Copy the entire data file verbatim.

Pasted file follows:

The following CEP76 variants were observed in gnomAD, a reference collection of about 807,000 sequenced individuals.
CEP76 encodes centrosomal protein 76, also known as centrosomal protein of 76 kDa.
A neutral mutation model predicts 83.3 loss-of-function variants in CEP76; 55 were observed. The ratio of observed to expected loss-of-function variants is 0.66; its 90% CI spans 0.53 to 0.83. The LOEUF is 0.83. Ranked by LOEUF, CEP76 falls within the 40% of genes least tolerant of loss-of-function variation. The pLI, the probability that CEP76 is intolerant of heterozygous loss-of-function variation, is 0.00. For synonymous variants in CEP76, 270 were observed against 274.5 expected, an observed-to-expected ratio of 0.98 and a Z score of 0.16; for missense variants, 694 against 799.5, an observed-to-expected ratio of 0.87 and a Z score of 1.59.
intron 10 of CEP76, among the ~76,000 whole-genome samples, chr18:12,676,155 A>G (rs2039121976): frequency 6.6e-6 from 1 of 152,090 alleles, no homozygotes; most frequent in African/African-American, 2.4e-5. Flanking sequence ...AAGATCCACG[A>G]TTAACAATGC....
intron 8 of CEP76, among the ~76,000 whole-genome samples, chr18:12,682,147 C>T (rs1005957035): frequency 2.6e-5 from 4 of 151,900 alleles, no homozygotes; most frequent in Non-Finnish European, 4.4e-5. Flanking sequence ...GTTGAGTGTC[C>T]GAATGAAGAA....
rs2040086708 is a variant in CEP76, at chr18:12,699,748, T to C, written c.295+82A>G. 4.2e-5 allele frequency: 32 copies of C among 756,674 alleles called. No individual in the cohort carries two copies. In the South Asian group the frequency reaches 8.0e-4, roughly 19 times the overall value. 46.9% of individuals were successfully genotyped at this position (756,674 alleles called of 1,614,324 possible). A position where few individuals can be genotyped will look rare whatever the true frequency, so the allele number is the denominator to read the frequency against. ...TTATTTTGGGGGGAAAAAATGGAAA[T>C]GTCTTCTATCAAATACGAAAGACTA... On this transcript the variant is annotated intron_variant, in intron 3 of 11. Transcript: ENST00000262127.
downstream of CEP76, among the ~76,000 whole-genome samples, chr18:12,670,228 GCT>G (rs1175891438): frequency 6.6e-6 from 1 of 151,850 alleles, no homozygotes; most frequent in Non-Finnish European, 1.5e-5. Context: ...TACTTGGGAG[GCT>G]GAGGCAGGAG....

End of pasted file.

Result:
The following CEP76 variants were observed in gnomAD, a reference collection of about 807,000 sequenced individuals.
CEP76 encodes centrosomal protein 76, also known as centrosomal protein of 76 kDa.
A neutral mutation model predicts 83.3 loss-of-function variants in CEP76; 55 were observed. The ratio of observed to expected loss-of-function variants is 0.66; its 90% CI spans 0.53 to 0.83. The LOEUF is 0.83. Ranked by LOEUF, CEP76 falls within the 40% of genes least tolerant of loss-of-function variation. The pLI, the probability that CEP76 is intolerant of heterozygous loss-of-function variation, is 0.00. For synonymous variants in CEP76, 270 were observed against 274.5 expected, an observed-to-expected ratio of 0.98 and a Z score of 0.16; for missense variants, 694 against 799.5, an observed-to-expected ratio of 0.87 and a Z score of 1.59.
intron 10 of CEP76, among the ~76,000 whole-genome samples, chr18:12,676,155 A>G (rs2039121976): frequency 6.6e-6 from 1 of 152,090 alleles, no homozygotes; most frequent in African/African-American, 2.4e-5. Flanking sequence ...AAGATCCACG[A>G]TTAACAATGC....
intron 8 of CEP76, among the ~76,000 whole-genome samples, chr18:12,682,147 C>T (rs1005957035): frequency 2.6e-5 from 4 of 151,900 alleles, no homozygotes; most frequent in Non-Finnish European, 4.4e-5. Flanking sequence ...GTTGAGTGTC[C>T]GAATGAAGAA....
rs2040086708 is a variant in CEP76, at chr18:12,699,748, T to C, written c.295+82A>G. 4.2e-5 allele frequency: 32 copies of C among 756,674 alleles called. No individual in the cohort carries two copies. In the South Asian group the frequency reaches 8.0e-4, roughly 19 times the overall value. 46.9% of individuals were successfully genotyped at this position (756,674 alleles called of 1,614,324 possible). A position where few individuals can be genotyped will look rare whatever the true frequency, so the allele number is the denominator to read the frequency against. ...TTATTTTGGGGGGAAAAAATGGAAA[T>C]GTCTTCTATCAAATACGAAAGACTA... On this transcript the variant is annotated intron_variant, in intron 3 of 11. Transcript: ENST00000262127.
downstream of CEP76, among the ~76,000 whole-genome samples, chr18:12,670,228 GCT>G (rs1175891438): frequency 6.6e-6 from 1 of 151,850 alleles, no homozygotes; most frequent in Non-Finnish European, 1.5e-5. Context: ...TACTTGGGAG[GCT>G]GAGGCAGGAG....